Earlier this week, Sami Rohr Prize Choice Award Winner Dr. Abigail Green wrote about the making of a good biography. Her blog posts are featured on The Arty Semite courtesy of the Jewish Book Council and My Jewish Learning’s Author Blog Series. For more information on the series, please visit:
For the past 10 years I’ve been travelling the world in Moses Montefiore’s footsteps. This was a man who spent much of his (long) life on the road: Besides the usual round of European tourist destinations (Paris, Florence, Rome, Frankfurt and Berlin), he visited Jerusalem seven times in total and passed through innumerable Jewish communities as he embarked on politically motivated missions to places like St. Petersburg, Istanbul, Marrakesh and Bucharest.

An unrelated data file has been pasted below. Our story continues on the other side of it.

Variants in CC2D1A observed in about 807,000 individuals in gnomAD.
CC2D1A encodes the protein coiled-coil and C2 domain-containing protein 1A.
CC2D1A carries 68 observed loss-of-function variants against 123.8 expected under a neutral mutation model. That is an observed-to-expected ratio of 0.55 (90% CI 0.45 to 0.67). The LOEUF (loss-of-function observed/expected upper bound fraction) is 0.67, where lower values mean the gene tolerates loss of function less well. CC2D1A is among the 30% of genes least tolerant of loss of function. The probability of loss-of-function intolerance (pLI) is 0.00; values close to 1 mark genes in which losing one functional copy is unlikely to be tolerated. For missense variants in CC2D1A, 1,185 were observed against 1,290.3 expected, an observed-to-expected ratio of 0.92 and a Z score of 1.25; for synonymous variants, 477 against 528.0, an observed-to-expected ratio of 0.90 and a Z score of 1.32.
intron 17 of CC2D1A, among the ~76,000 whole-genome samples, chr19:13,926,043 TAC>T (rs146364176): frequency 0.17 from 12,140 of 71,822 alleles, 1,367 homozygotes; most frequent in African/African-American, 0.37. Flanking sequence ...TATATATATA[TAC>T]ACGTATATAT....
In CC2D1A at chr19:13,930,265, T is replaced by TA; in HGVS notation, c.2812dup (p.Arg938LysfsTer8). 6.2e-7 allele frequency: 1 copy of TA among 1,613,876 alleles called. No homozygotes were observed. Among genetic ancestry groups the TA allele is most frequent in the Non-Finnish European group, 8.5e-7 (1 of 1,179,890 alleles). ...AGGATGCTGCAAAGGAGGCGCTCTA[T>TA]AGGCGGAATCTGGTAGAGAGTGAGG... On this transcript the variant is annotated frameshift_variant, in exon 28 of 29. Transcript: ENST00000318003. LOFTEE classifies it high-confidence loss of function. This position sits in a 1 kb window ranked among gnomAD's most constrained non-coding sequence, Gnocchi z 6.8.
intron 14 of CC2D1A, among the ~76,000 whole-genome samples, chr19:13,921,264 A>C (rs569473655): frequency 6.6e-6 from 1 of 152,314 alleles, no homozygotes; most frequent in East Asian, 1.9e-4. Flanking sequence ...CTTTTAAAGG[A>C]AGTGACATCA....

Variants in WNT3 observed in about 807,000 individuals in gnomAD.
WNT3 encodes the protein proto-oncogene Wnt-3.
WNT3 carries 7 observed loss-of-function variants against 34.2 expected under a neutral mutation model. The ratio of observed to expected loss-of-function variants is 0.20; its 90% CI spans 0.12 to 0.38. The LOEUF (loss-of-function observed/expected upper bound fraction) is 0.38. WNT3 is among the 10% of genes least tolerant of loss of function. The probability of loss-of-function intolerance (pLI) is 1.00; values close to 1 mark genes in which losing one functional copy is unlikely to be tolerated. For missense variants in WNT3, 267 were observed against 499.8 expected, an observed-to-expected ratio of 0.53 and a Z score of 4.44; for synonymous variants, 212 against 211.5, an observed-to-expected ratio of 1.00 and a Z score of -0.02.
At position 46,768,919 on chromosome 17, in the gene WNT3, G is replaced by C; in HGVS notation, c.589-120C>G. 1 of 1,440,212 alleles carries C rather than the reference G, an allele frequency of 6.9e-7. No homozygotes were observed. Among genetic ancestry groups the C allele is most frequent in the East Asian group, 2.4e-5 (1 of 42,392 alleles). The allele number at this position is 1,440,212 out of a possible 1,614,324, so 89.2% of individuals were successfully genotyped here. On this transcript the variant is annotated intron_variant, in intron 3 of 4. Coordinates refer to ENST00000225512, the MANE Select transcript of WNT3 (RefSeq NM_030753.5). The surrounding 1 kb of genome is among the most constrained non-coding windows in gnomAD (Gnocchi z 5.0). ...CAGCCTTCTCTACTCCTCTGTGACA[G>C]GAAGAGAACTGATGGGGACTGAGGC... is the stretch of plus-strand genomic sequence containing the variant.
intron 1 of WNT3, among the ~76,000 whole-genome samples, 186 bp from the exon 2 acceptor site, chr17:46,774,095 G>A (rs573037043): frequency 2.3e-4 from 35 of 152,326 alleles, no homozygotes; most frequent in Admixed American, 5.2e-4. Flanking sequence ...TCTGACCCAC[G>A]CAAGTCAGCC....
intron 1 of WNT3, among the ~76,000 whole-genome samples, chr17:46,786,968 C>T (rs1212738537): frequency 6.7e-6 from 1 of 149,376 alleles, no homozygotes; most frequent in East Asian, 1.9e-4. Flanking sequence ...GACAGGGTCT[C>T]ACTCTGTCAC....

But what does it mean to travel in the footsteps of a man who’s been dead for over 120 years, and why bother? After all, it’s impossible to recreate the 19th-century travel experience in our world of cars, planes and high-speed trains. (I once met a Reform Rabbi who followed the Montefiores’ route during their first trip abroad; apparently it was very scenic, involving only minor roads.) More to the point, most of the places Montefiore visited have changed beyond all recognition. It’s not just that Bucharest is full of shabby, Ceausescu high-rise flats, or that a whole quarter of Marrakesh is devoted to glitzy hotels. The real problem is more fundamental. The shifting currents of world history mean that places that were once heartlands of the Diaspora are now barely Jewish places at all.